The story depicts an independent woman navigating her own complex emotions and relationships, many times juxtaposed to the world that surrounds her.
3. The Place We Call Home – Kofi Anyidoho (2011)
A collection of poems by the ewe born, award-winning poet Kofi Anyidoho. Anyidoho comes from a long line of poets rooted in the ewe tradition of oral poetry. His playful lyricism and imaginative prose pull you into moments of the poems without demanding too much emotionally.
The poems in The Place We Call Home show the social and cultural dilemmas Africans face moving back and forth between cultures as well as a celebration of African history and intellect. Anyidoho also highlights ancestral Africans that shaped the present time for the better. The author does not shy away from philosophical moments about aging and death while maintaining a light-hearted mood overall.
2. Faceless – Amma Darko (2003)
The 3rd novel by Ghana-born Amma Darko. In this book, she continues her work of showing life in Ghana from all eyes. Darko writes Faceless confronting a brutal reality for many Ghanaian citizens living in poverty.
An eloquent blend of traditional and contemporary Ghanaian perspectives. Depicts adolescent life in Agbogbloshie, a notorious slum in Accra.
The story follows Fofo, who is sent out of her mother’s house, left to survive in treacherous surroundings. While fending for survival, Fofo is on a search for answers after her sister Baby T is brutally murdered.
In the book, you witness the human cost of a rapidly growing city and the ambivalence of its economic benefactors. An emotional book that vividly depicts what an innumerable amount of children face on the edges of metropolitan Africa. Prepare for a heavy heart.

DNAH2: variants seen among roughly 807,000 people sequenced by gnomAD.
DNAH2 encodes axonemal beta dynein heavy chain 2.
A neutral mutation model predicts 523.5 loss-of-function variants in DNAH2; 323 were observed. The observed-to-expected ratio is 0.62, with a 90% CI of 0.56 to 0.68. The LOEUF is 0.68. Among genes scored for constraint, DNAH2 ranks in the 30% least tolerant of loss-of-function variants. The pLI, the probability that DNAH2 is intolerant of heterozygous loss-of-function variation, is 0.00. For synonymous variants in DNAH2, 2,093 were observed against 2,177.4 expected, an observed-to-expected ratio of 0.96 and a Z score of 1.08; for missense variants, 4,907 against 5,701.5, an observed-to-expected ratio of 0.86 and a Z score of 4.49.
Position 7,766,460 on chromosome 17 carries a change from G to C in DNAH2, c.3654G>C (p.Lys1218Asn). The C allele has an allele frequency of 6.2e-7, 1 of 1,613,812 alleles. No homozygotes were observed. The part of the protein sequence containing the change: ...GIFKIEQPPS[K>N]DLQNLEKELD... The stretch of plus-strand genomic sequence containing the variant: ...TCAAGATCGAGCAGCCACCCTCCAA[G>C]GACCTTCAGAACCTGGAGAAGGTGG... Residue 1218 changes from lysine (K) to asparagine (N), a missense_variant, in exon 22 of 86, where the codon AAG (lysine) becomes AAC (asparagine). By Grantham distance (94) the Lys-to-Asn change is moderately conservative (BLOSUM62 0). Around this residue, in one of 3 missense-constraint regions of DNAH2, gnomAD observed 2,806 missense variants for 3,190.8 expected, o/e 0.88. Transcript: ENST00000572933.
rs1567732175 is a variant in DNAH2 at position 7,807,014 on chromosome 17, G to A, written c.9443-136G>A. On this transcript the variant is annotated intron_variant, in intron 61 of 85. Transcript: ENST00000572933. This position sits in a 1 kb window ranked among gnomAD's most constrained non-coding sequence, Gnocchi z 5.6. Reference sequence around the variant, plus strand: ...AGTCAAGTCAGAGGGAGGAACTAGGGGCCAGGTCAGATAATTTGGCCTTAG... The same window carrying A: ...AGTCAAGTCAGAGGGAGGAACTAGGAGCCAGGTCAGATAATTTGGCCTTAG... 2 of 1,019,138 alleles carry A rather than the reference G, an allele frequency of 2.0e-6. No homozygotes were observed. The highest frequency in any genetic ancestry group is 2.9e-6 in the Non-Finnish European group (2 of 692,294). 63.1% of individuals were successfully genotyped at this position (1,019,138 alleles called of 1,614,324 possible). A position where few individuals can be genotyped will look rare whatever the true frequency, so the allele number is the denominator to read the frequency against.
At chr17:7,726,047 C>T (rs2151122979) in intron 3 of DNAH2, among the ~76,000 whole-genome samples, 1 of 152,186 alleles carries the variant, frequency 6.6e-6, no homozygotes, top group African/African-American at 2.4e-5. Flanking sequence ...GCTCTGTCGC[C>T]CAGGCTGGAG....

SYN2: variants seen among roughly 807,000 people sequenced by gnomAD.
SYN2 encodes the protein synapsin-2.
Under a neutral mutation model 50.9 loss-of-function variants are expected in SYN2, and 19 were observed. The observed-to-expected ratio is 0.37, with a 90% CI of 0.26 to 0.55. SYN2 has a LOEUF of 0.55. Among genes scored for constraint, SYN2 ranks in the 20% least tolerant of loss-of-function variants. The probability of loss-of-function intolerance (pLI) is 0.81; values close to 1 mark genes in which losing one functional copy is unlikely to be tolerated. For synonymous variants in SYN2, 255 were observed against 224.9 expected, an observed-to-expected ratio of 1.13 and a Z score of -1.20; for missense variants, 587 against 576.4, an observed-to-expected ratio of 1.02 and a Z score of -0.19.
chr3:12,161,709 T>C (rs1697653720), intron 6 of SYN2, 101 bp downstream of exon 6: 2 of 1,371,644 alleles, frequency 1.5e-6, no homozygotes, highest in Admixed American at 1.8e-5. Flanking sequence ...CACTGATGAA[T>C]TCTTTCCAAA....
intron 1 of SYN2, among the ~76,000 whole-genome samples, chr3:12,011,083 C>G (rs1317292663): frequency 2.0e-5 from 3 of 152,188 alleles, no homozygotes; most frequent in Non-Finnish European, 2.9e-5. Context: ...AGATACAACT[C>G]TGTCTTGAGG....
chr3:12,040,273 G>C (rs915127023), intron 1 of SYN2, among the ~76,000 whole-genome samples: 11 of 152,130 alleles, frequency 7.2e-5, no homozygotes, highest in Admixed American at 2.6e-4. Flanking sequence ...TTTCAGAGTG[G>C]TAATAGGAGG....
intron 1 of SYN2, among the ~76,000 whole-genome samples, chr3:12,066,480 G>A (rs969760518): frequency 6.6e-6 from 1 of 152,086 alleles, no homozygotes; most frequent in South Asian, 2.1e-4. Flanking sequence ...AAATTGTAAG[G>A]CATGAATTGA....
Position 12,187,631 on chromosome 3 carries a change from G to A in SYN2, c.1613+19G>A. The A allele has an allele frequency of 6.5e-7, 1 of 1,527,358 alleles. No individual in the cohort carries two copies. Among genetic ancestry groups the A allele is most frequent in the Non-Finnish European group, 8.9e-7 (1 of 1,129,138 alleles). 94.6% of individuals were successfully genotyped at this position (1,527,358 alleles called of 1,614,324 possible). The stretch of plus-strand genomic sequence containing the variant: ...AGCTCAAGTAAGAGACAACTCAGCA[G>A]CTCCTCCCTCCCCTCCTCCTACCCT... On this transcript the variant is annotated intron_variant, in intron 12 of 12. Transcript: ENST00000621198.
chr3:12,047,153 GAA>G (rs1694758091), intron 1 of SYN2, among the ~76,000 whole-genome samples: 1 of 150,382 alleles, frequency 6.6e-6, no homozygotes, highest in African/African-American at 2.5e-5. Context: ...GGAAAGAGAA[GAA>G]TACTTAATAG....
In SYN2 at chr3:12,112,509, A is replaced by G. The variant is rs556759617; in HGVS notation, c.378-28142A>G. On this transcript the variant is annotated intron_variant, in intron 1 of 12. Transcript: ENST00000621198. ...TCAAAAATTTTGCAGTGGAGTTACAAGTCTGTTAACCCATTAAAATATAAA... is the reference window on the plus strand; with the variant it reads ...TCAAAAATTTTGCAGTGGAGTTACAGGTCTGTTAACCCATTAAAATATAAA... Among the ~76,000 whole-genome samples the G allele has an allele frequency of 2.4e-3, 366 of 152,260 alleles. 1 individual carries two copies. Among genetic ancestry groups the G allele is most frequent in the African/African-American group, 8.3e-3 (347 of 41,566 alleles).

1. Homegoing – Yaa Gyasi (2016)
Yaa Gyasi’s powerful debut novel.
Gyasi displays the social microcosms that surround western-born Ghanaians, the legacy of slavery in Ghana, and its very real connection to the lineage of African Americans. All over a span of 300 years.
Homegoing follows the lineage of two sisters living in 18th century Ghana who face starkly opposing fates. Readers witness Effia, the concubine of then British-Gold Coast governor, living in Cape Coast Castle, who’s relatives remain in Ghana until present day. Simultaneously, readers witness the lineage of Esi, who is captured, enslaved, and brought to America.
This book stands to chart the blurry relationship between Africans and African Americans while reuniting us with history and modern-day experiences. Gyasi shows a stark glimpse of Ghana’s participation in the slave trade: kidnapping and tribal wars resulting in the capture and trading of Africans by Africans.
She also addresses issues that are commonly verboten in African households: interracial relationships, homosexuality, mental illness, ableism and colorism.
A must-read for all people of the Diaspora.